Academic journal article The Catholic Historical Review

Indulgences in Late Medieval England: Passports to Paradise?

Academic journal article The Catholic Historical Review

Indulgences in Late Medieval England: Passports to Paradise?

Article excerpt

Indulgences in Late Medieval England: Passports to Paradise? By R. N. Swanson. (New York: Cambridge University Press. 2008. Pp. xiv, 579. $120.00. ISBN 978-0-521-88120-3.)

Indulgences may have been recognized as the catalyst for Martin Luther's Reformation, but in all other respects they have been curiously neglected by historians. This is particularly true in the case of England, where even the Reformers of the sixteenth century had little to say on the subject and where subsequent historians have given them only passing mention. Yet as R. N. Swanson demonstrates in this lengthy and impressively detailed study, indulgences were an extremely important part of late-medieval religion, central to the understanding of penance, charity, death, and commemoration. It appears that they may have been one of those features of preReformation belief and practice that have been overlooked precisely because of their ubiquity and the extent to which they were taken for granted by contemporaries.

An "indulgence" could mean many things, since the word signified forgiveness of all sorts, and indulgences which were obtained for money came in many different guises. This book charts every aspect of their existence, surveying the official definition of "pardons" and how they evolved over time, exploring the different categories, uncovering the mechanics and the economics of the indulgence trade, evaluating how they were perceived and received by those who obtained them, and charting how they were finally abolished during the reign of Henry VIII. With profound and delicate scholarship, Swanson uncovers a complex array of sources, teasing out their signification whilst acknowledging their difficulties. His modest ambition, to show "that indulgences had a lively and eventful history in late medieval England" (p. 7), is comprehensively fulfilled-this is a major contribution to the field.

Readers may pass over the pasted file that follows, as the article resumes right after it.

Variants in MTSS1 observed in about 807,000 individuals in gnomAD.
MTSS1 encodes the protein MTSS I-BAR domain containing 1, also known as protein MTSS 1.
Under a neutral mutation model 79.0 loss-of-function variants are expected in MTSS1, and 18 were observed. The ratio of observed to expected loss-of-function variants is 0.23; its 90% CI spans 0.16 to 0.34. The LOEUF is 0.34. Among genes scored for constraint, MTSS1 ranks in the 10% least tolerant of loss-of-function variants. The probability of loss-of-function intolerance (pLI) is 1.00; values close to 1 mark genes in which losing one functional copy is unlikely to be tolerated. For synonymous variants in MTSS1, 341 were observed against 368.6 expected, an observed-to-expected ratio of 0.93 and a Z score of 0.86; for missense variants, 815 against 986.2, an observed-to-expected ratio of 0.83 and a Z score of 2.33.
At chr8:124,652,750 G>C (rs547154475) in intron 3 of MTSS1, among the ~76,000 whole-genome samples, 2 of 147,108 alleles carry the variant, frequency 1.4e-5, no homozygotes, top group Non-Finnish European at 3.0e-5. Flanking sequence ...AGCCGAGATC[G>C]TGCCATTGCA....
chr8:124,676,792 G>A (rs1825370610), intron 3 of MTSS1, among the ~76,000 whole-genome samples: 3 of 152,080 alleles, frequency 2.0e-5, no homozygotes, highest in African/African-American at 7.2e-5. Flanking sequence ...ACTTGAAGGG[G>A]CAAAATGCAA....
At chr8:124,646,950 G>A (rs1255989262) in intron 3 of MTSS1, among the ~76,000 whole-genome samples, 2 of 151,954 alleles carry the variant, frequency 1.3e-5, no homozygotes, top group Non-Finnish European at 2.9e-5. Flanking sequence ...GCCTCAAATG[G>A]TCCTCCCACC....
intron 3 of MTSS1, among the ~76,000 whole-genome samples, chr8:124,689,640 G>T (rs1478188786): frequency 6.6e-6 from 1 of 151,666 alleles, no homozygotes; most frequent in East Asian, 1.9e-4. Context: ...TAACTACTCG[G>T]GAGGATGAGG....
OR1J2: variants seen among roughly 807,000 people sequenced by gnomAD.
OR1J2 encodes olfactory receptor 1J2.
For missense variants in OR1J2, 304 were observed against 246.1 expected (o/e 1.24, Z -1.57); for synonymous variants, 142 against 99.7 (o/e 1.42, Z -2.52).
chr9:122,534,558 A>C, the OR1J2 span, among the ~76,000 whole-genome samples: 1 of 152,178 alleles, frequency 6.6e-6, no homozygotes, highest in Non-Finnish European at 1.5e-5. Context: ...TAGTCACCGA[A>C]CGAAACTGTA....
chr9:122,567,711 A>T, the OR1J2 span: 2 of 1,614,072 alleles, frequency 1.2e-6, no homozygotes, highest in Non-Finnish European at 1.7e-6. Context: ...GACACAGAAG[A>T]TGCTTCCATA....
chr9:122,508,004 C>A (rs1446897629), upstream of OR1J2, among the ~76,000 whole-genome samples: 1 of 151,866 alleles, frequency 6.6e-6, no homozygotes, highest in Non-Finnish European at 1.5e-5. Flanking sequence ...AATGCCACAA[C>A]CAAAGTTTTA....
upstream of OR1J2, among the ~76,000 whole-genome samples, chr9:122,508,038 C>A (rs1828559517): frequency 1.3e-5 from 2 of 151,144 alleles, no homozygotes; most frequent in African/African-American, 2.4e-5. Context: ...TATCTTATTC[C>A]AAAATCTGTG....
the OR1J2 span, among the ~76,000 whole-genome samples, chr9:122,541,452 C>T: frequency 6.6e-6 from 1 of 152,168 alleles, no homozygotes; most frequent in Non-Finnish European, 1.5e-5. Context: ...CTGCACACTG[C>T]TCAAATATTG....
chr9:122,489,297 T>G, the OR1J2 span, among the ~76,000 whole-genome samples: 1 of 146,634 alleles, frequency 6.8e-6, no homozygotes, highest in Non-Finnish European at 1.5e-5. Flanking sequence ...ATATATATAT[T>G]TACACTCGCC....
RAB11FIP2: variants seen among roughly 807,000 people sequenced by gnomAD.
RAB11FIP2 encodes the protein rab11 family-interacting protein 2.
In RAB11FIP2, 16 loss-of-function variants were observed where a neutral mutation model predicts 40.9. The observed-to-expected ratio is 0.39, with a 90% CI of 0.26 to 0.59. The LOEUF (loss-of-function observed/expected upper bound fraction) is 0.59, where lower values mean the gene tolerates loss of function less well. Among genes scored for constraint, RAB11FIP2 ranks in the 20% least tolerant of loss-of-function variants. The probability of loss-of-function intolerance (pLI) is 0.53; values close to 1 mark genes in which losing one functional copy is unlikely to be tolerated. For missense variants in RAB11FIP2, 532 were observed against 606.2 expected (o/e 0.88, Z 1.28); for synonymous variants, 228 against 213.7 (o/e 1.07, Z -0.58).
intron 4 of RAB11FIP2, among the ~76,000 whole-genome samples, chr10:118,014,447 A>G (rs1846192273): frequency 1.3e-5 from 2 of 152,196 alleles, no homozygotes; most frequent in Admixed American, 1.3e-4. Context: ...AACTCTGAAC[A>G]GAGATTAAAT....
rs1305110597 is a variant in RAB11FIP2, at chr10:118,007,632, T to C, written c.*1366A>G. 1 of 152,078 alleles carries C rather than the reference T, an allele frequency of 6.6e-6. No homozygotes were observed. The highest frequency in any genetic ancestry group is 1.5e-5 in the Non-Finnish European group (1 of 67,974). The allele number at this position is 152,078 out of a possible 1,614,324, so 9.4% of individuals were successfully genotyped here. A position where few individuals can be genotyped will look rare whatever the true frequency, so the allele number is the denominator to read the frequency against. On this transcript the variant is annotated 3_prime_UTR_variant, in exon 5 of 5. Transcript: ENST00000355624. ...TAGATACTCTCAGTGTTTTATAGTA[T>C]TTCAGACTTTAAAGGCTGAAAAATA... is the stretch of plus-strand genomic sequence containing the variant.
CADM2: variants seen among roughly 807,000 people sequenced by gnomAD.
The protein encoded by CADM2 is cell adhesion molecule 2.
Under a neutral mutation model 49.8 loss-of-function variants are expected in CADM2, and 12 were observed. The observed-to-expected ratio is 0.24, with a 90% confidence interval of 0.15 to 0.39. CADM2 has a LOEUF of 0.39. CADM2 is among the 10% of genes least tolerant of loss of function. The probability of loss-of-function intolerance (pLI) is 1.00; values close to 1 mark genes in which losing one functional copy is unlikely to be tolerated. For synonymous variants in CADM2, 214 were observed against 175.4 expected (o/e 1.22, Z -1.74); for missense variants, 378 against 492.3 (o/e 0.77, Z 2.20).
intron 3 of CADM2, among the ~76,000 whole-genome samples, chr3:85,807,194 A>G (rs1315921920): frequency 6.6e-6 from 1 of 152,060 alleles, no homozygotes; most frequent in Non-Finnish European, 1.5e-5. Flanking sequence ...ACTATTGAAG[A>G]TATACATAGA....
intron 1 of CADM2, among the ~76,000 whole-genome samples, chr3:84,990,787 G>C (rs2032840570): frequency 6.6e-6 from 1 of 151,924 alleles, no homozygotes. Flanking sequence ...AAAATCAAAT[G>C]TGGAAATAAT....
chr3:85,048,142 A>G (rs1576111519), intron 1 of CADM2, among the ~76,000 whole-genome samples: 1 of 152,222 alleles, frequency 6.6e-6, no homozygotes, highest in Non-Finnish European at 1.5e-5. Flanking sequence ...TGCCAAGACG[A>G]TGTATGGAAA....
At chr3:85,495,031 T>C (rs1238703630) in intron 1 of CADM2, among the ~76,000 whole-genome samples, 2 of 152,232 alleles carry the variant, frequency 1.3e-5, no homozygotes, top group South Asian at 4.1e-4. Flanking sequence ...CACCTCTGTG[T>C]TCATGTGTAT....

Swanson underlines that the acquisition of an indulgence went beyond a mere monetary transaction, and was conditional on a certain level of commitment to be demonstrated by the purchaser. It was part of a process of penance in which there were no guarantees: nobody knew how long anyone would be in purgatory, and pardons would not work without contrition and devotion. The right to issue an indulgence was granted in a huge variety of circumstances. …

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